The majority of the audience had a dominant reading because they thought it was funny. Most of the people I interviewed thought the routine was funny because they believe that the comments are true. The main points of Chris Rock’s jokes were that “niggas” are criminals, dependent on welfare, and value being ignorant. All of the people I interviewed live in Brooklyn and Bronx, and between the ages 19 to 37. I interviewed white, black, and bi-racial people to see how race effects interpretation. The majority that liked this clip liked it because they can relate to it. People said that they have people that are like subject of the jokes in their apartment buildings and neighborhoods. One white male interviewee said, “ its funny because I know these guys. They hang out on the corner all day. They are lazy. I don’t understand why they don’t get a job?” In Chris Rock’s routine, he makes a distinction between black people and “niggas” based on education and class. Many white interviewees defended their comments, such as “they are all lazy” and “they are all drug dealers”, by saying that they have black friends that don’t act like that and they were referring to the bad blacks. Most black interviewees that liked the routine agreed that there is a division in the black community between good black people and bad black people, referred to as “niggas”. All black people interviewed that enjoyed the jokes identified with Chris Rock and separated themselves completely from the identity as a “nigga”. One black male interviewee said, “I like it because I’m sick of other people making look bad.” Another black male interviewee said, “I hate niggas. If I can get a job and go to school, so can they. They are just lazy.” The majority of the comments coming from interviewees that had a dominant readings stem from the idea of personal responsibility and the Protestant work ethic. The Protestant work ethic promotes the idea that an individual’s success is determined by how hard they work and if they fail it’s their own fault. Personal responsibility arguments allow contempt for “niggas”, without addressing the class coding of that racial identity and the inequality facing the entire black community.

Only two interviewees found the comedy routine offensive and had oppositional readings. Both interviewees were black and in their 30s. Both were offended that a black man would make comments that they would hear coming from a racist white person. The black female interviewee stated, “This is the kind of rhetoric you would hear on fox. It’s disappointing when people forget where they came from and demonize their own community.” She responded on the fact that she believes that there isn’t solidarity within the black community because of the division of class. In her experience, educated middle class blacks resent lower income blacks for feeding into stereotypes and lower income blacks look at educated middle class as sell outs that gave up their ethnicity. She believes that those conflicts in the black community prevent people from organizing and fighting for social and economic equality. The black male that had an oppositional reading was offended by the comedy routine because he believes that most white people don’t make a difference between black people and niggas and will take this routine as more support for their racist ideas. He used racial profiling and Stop and Frisk, as an example of how race issues doesn’t account for class and personal accomplishments. He said, “When cops stop a man on the street, they don’t care if you have a job and take care of your kids. All they see is a black man walking in the Bronx, so he must be selling drugs.” He continued to talk about how the high-end retail store Barneys uses racial profiling in their stores to prevent shoplifting. It shows that even after you become an economic success society will still see as a criminal because you are black. He said, “The kid had paid for the belt and the cops still questioned him because he was black. He didn’t even commit a crime and he was harassed. How is that not racist?”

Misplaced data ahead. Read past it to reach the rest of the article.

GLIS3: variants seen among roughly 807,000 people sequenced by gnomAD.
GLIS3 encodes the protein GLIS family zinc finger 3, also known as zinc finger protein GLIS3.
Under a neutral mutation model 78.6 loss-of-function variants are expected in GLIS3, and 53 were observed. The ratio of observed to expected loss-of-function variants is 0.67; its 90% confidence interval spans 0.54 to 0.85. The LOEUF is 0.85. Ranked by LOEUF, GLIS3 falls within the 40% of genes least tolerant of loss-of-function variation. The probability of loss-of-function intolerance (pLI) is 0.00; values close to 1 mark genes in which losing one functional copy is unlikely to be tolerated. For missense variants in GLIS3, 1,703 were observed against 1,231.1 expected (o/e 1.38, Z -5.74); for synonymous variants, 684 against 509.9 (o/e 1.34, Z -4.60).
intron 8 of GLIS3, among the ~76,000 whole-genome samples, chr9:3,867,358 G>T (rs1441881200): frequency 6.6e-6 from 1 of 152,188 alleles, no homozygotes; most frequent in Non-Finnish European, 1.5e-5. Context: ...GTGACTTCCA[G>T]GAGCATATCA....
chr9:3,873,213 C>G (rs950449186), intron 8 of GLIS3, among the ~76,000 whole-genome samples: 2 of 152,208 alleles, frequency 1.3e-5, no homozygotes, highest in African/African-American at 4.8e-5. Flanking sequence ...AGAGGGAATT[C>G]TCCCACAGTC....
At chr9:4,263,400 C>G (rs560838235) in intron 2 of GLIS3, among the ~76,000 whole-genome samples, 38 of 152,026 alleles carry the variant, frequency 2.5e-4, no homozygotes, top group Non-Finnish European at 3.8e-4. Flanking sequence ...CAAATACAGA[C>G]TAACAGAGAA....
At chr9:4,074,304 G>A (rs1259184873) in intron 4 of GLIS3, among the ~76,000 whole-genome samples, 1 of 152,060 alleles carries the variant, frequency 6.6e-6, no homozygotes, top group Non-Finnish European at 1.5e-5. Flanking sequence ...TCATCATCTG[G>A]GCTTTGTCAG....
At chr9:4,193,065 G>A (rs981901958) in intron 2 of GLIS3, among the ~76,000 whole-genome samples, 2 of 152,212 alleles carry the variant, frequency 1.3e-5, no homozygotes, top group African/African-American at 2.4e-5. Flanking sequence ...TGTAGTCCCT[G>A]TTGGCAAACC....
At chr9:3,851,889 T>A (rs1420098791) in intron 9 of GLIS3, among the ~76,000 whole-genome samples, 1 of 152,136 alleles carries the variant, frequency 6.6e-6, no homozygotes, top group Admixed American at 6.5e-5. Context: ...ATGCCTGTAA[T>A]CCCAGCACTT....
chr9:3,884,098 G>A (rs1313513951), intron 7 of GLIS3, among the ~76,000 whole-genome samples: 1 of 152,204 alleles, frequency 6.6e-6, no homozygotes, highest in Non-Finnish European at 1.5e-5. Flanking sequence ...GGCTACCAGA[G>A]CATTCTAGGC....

The ideas presented in Chris Rock’s routine of Black People Versus Niggas reflect racial issues in our modern multicultural society. Currently, American culture implies that we live in a multicultural society, where people of all races, religions, gender and ethnicities live together without conflict. This ideology promotes the myth of color blindness, or the idea that race is irrelevant in our equal society. The belief that we live in a post-racial world comes from the success of the civil rights movements of the 1960’s and the election of the U.S.’s first black president in 2008. This ideology ignores the current racial inequalities in our society and the systemic racism in the institutions that people are supposed to rely on for socioeconomic mobility. In the comedy routine and the culture at large, dividing the black community into good and bad blacks, and coding goodness and badness with work ethnic and personal responsibility ignores the impact of privilege and opportunity associated with class standing. America has historically always believed in personal responsibility and the American Dream of being a self-made success. The American Dream is an ideology that is built off of the Protestant work ethic that if you work hard you will be a success because God will reward you for your work and if you fail or struggle, you are not working hard enough. These ideas, which are still prominent in our modern society, exploded through out American culture in a time period when blacks were considered property and not equal citizens. Our institutions that call for personal responsibility were not structured nor radically restructured to promote equality, which in return makes socioeconomic mobility difficulty for minorities in contemporary America.

Mad Men and desire for “the other”

The idea of giving up pleasure in order to be successful reminded me of the AMC show mad men. No matter how hard they work or how much money they make, the majority of the characters are unhappy. They use sex, smoking and drinking to try to obtain happiness and experience pleasure. In the second season, Paul is seeking out pleasure in the other and trying to prove that he is progressive by dating a black woman. Joan, a coworker and ex-girlfriend, calls him out on it. The show is set in the 1960’s, but I think the argument is still valid. Are you dating the other for romantic reasons or are you with them only because they are the other?

Lane Pryce is another character that falls in love with a young black woman. Lane is a junior partner and main financial officer of the ad agency. His work ethic has caused strain on his marriage and led to him seeking pleasure in the other. His irresponsibility towards his family and relationship with the other has caused his father to react with hostility and racism.